root/OOPy/openopt/examples/oofun/fixedOOVars.py

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1 """
2 the example illustrates
3 how you can declare and use
4 fixed oovars
5
6 here it is used for objFunc only
7 but of course it can be used
8 for non-linear equality and inequality constraints as well
9 """
10
11 n = 5
12
13 from openopt import NLP,  oofun,  oovar
14 from numpy import inf
15
16 v0 = oovar('v0', [-4.0, -15.0]) # 2nd arg (if provided) is start value
17 v1 = oovar('v1', range(n), fixed=True)  # range(n) is [0, 1, ..., n-1], see also: numpy.arange
18
19 #set objFunc
20 f = oofun(lambda z0, z1: (z0[0]-15)**4 + (z0[1]-80)**4 + (z1**2).sum(), input = [v0, v1])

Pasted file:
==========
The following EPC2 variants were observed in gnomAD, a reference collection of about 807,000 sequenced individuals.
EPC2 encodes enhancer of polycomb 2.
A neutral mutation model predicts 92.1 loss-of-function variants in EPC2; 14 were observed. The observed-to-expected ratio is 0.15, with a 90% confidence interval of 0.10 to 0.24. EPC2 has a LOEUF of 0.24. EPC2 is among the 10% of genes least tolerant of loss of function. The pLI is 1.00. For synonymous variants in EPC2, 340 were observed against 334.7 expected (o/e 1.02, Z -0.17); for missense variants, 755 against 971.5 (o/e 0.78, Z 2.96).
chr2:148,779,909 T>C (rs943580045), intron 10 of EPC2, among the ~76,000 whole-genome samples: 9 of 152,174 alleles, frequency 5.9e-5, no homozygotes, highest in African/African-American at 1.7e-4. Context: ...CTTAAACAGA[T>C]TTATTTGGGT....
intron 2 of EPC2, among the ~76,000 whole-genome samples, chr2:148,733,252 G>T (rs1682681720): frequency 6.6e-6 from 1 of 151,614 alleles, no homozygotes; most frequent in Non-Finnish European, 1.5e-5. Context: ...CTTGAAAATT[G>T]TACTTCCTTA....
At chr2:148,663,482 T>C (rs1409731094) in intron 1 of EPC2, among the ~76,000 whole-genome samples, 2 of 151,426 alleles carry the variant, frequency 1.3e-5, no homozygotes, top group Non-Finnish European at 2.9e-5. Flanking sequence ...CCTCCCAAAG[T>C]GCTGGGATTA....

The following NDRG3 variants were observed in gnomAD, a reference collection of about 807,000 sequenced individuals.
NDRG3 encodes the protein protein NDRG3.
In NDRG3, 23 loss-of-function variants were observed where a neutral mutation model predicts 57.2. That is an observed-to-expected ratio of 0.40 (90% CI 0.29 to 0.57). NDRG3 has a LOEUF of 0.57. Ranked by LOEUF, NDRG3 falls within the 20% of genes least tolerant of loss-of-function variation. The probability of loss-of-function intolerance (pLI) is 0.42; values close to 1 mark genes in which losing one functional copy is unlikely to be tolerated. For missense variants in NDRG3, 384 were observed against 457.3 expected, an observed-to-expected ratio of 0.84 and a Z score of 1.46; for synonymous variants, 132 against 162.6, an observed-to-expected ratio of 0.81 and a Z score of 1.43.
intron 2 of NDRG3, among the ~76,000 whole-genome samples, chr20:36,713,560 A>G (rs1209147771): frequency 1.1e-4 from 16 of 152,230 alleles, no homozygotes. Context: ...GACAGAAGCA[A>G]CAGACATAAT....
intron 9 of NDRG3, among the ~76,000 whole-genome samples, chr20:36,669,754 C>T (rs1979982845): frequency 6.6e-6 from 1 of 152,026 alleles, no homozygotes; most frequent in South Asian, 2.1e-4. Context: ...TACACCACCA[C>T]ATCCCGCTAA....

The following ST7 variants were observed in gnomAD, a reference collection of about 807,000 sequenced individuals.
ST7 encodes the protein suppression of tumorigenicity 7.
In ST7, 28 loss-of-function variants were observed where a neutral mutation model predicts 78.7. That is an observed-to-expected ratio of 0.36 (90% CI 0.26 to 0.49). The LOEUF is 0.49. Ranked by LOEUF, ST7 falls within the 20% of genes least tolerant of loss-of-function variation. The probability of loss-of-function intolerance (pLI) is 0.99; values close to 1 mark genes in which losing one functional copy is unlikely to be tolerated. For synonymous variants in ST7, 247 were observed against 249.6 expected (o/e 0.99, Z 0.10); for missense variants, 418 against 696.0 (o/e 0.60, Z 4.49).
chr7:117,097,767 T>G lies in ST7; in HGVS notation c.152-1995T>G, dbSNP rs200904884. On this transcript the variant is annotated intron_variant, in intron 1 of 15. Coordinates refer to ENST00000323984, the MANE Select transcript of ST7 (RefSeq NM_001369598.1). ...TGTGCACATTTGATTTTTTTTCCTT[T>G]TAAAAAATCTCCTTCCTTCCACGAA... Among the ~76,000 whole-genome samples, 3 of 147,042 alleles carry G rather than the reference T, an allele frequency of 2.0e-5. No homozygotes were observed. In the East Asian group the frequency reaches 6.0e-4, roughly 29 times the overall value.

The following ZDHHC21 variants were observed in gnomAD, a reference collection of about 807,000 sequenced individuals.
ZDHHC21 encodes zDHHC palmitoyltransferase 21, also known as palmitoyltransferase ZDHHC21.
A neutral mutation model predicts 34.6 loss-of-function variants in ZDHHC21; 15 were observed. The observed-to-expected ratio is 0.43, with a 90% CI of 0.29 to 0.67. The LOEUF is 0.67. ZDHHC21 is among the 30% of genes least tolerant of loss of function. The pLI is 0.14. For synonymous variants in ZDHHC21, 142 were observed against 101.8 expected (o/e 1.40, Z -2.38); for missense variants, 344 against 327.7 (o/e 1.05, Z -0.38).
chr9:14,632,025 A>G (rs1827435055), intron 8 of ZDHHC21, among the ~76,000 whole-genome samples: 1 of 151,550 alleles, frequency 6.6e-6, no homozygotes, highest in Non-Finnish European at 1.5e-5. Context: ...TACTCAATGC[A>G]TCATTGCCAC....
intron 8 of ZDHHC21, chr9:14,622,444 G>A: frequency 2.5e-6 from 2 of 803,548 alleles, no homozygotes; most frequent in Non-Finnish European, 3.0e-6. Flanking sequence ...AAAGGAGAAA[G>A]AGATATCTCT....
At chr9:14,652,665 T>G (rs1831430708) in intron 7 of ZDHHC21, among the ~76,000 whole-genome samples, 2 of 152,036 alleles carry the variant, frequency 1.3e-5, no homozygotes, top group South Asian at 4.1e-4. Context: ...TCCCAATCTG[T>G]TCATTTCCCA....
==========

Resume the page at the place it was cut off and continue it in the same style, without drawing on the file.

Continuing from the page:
21
22 # assign prob
23 p = NLP(f)
24
25 # solve
26 r = p.solve('ralg')
27
28 print 'solution:', r.xf
29 print 'optim value:', r.ff
30
31 """
32 using oofun-style for fixed vars is more effective than same problem in classic style fix via lb=ub
33
34 some mature solvers (but not ralg) have efficient handling of fixed vars,
35 but they can't take advantage from deeply nested parts of code fixed due to all used variables in that parts are fixed.
36 so using oovars + oofuns can yield serious benefites even for those ones.
37 """
38 lb = [-inf, -inf] + range(n)
39 ub = [inf, inf] + range(n)
40 p2 = NLP(lambda x: (x[0]-15) **4 + (x[1]-80)**4 + (x[2:] ** 2).sum(), [-4.0, -15.0] + range(n), lb=lb, ub=ub)
41 r2 = p2.solve('ralg')
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